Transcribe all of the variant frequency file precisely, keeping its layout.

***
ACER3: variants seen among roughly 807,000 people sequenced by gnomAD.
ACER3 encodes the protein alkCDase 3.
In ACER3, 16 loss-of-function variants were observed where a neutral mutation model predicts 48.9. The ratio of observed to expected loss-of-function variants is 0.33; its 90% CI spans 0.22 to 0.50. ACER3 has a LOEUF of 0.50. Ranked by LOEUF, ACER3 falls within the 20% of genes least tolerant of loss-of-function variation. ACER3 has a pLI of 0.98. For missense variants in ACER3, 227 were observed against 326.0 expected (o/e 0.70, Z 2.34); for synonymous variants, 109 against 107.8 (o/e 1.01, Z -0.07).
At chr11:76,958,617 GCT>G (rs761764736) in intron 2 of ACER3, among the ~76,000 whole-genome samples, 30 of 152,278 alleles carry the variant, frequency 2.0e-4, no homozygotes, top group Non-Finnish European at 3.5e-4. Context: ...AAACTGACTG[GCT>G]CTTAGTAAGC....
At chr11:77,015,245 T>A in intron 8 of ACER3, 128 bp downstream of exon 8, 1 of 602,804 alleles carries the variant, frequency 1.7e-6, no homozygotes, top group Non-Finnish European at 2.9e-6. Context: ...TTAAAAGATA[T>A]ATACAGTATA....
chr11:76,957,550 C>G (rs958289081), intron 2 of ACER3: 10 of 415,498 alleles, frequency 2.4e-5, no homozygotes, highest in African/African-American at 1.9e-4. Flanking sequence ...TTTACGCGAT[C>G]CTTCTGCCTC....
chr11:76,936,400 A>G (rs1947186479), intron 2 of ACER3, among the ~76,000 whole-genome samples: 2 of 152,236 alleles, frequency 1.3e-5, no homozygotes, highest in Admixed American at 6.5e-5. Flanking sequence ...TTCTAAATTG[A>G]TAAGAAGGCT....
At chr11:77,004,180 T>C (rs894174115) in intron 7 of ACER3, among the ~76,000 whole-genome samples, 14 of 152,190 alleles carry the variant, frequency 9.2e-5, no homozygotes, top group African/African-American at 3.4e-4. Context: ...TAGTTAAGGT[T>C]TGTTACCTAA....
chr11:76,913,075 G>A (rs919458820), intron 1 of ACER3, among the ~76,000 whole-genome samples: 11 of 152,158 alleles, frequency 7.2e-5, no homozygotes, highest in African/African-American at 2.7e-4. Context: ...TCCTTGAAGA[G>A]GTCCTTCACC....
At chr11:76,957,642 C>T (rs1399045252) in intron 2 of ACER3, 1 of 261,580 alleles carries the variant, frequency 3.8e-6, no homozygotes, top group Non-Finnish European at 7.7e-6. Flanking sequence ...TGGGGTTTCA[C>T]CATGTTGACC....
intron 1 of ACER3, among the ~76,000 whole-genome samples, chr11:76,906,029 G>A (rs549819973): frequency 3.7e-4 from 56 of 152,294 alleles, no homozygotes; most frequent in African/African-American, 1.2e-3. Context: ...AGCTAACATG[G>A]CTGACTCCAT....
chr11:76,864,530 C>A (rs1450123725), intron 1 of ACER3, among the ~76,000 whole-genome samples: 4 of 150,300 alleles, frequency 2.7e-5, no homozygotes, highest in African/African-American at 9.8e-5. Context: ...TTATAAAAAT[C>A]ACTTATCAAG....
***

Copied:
ACER3: variants seen among roughly 807,000 people sequenced by gnomAD.
ACER3 encodes the protein alkCDase 3.
In ACER3, 16 loss-of-function variants were observed where a neutral mutation model predicts 48.9. The ratio of observed to expected loss-of-function variants is 0.33; its 90% CI spans 0.22 to 0.50. ACER3 has a LOEUF of 0.50. Ranked by LOEUF, ACER3 falls within the 20% of genes least tolerant of loss-of-function variation. ACER3 has a pLI of 0.98. For missense variants in ACER3, 227 were observed against 326.0 expected (o/e 0.70, Z 2.34); for synonymous variants, 109 against 107.8 (o/e 1.01, Z -0.07).
At chr11:76,958,617 GCT>G (rs761764736) in intron 2 of ACER3, among the ~76,000 whole-genome samples, 30 of 152,278 alleles carry the variant, frequency 2.0e-4, no homozygotes, top group Non-Finnish European at 3.5e-4. Context: ...AAACTGACTG[GCT>G]CTTAGTAAGC....
At chr11:77,015,245 T>A in intron 8 of ACER3, 128 bp downstream of exon 8, 1 of 602,804 alleles carries the variant, frequency 1.7e-6, no homozygotes, top group Non-Finnish European at 2.9e-6. Context: ...TTAAAAGATA[T>A]ATACAGTATA....
chr11:76,957,550 C>G (rs958289081), intron 2 of ACER3: 10 of 415,498 alleles, frequency 2.4e-5, no homozygotes, highest in African/African-American at 1.9e-4. Flanking sequence ...TTTACGCGAT[C>G]CTTCTGCCTC....
chr11:76,936,400 A>G (rs1947186479), intron 2 of ACER3, among the ~76,000 whole-genome samples: 2 of 152,236 alleles, frequency 1.3e-5, no homozygotes, highest in Admixed American at 6.5e-5. Flanking sequence ...TTCTAAATTG[A>G]TAAGAAGGCT....
At chr11:77,004,180 T>C (rs894174115) in intron 7 of ACER3, among the ~76,000 whole-genome samples, 14 of 152,190 alleles carry the variant, frequency 9.2e-5, no homozygotes, top group African/African-American at 3.4e-4. Context: ...TAGTTAAGGT[T>C]TGTTACCTAA....
chr11:76,913,075 G>A (rs919458820), intron 1 of ACER3, among the ~76,000 whole-genome samples: 11 of 152,158 alleles, frequency 7.2e-5, no homozygotes, highest in African/African-American at 2.7e-4. Context: ...TCCTTGAAGA[G>A]GTCCTTCACC....
At chr11:76,957,642 C>T (rs1399045252) in intron 2 of ACER3, 1 of 261,580 alleles carries the variant, frequency 3.8e-6, no homozygotes, top group Non-Finnish European at 7.7e-6. Flanking sequence ...TGGGGTTTCA[C>T]CATGTTGACC....
intron 1 of ACER3, among the ~76,000 whole-genome samples, chr11:76,906,029 G>A (rs549819973): frequency 3.7e-4 from 56 of 152,294 alleles, no homozygotes; most frequent in African/African-American, 1.2e-3. Context: ...AGCTAACATG[G>A]CTGACTCCAT....
chr11:76,864,530 C>A (rs1450123725), intron 1 of ACER3, among the ~76,000 whole-genome samples: 4 of 150,300 alleles, frequency 2.7e-5, no homozygotes, highest in African/African-American at 9.8e-5. Context: ...TTATAAAAAT[C>A]ACTTATCAAG....